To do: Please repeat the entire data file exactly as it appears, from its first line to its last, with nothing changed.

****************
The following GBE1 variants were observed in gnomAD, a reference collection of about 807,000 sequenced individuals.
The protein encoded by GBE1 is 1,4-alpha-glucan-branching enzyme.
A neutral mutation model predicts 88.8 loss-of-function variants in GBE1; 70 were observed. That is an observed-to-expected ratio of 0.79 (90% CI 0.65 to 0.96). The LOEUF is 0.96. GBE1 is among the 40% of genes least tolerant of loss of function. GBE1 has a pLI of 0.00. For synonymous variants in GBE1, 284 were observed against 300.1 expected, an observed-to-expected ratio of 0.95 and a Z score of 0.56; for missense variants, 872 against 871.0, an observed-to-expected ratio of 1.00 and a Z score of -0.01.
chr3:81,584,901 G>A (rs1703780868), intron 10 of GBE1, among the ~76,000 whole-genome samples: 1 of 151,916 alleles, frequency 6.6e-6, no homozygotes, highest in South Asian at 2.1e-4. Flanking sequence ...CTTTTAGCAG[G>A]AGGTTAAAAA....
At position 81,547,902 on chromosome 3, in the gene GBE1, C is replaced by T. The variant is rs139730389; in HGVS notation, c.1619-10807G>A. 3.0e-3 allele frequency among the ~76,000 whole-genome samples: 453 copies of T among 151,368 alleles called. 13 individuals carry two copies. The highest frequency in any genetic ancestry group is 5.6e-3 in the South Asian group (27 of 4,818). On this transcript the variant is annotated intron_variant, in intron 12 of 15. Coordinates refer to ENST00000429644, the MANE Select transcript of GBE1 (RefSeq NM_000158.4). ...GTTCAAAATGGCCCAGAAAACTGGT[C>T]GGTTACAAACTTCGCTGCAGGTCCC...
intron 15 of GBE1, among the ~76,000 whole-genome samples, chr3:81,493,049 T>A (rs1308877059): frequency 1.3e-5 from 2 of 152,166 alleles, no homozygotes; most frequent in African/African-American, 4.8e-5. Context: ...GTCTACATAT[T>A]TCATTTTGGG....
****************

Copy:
The following GBE1 variants were observed in gnomAD, a reference collection of about 807,000 sequenced individuals.
The protein encoded by GBE1 is 1,4-alpha-glucan-branching enzyme.
A neutral mutation model predicts 88.8 loss-of-function variants in GBE1; 70 were observed. That is an observed-to-expected ratio of 0.79 (90% CI 0.65 to 0.96). The LOEUF is 0.96. GBE1 is among the 40% of genes least tolerant of loss of function. GBE1 has a pLI of 0.00. For synonymous variants in GBE1, 284 were observed against 300.1 expected, an observed-to-expected ratio of 0.95 and a Z score of 0.56; for missense variants, 872 against 871.0, an observed-to-expected ratio of 1.00 and a Z score of -0.01.
chr3:81,584,901 G>A (rs1703780868), intron 10 of GBE1, among the ~76,000 whole-genome samples: 1 of 151,916 alleles, frequency 6.6e-6, no homozygotes, highest in South Asian at 2.1e-4. Flanking sequence ...CTTTTAGCAG[G>A]AGGTTAAAAA....
At position 81,547,902 on chromosome 3, in the gene GBE1, C is replaced by T. The variant is rs139730389; in HGVS notation, c.1619-10807G>A. 3.0e-3 allele frequency among the ~76,000 whole-genome samples: 453 copies of T among 151,368 alleles called. 13 individuals carry two copies. The highest frequency in any genetic ancestry group is 5.6e-3 in the South Asian group (27 of 4,818). On this transcript the variant is annotated intron_variant, in intron 12 of 15. Coordinates refer to ENST00000429644, the MANE Select transcript of GBE1 (RefSeq NM_000158.4). ...GTTCAAAATGGCCCAGAAAACTGGT[C>T]GGTTACAAACTTCGCTGCAGGTCCC...
intron 15 of GBE1, among the ~76,000 whole-genome samples, chr3:81,493,049 T>A (rs1308877059): frequency 1.3e-5 from 2 of 152,166 alleles, no homozygotes; most frequent in African/African-American, 4.8e-5. Context: ...GTCTACATAT[T>A]TCATTTTGGG....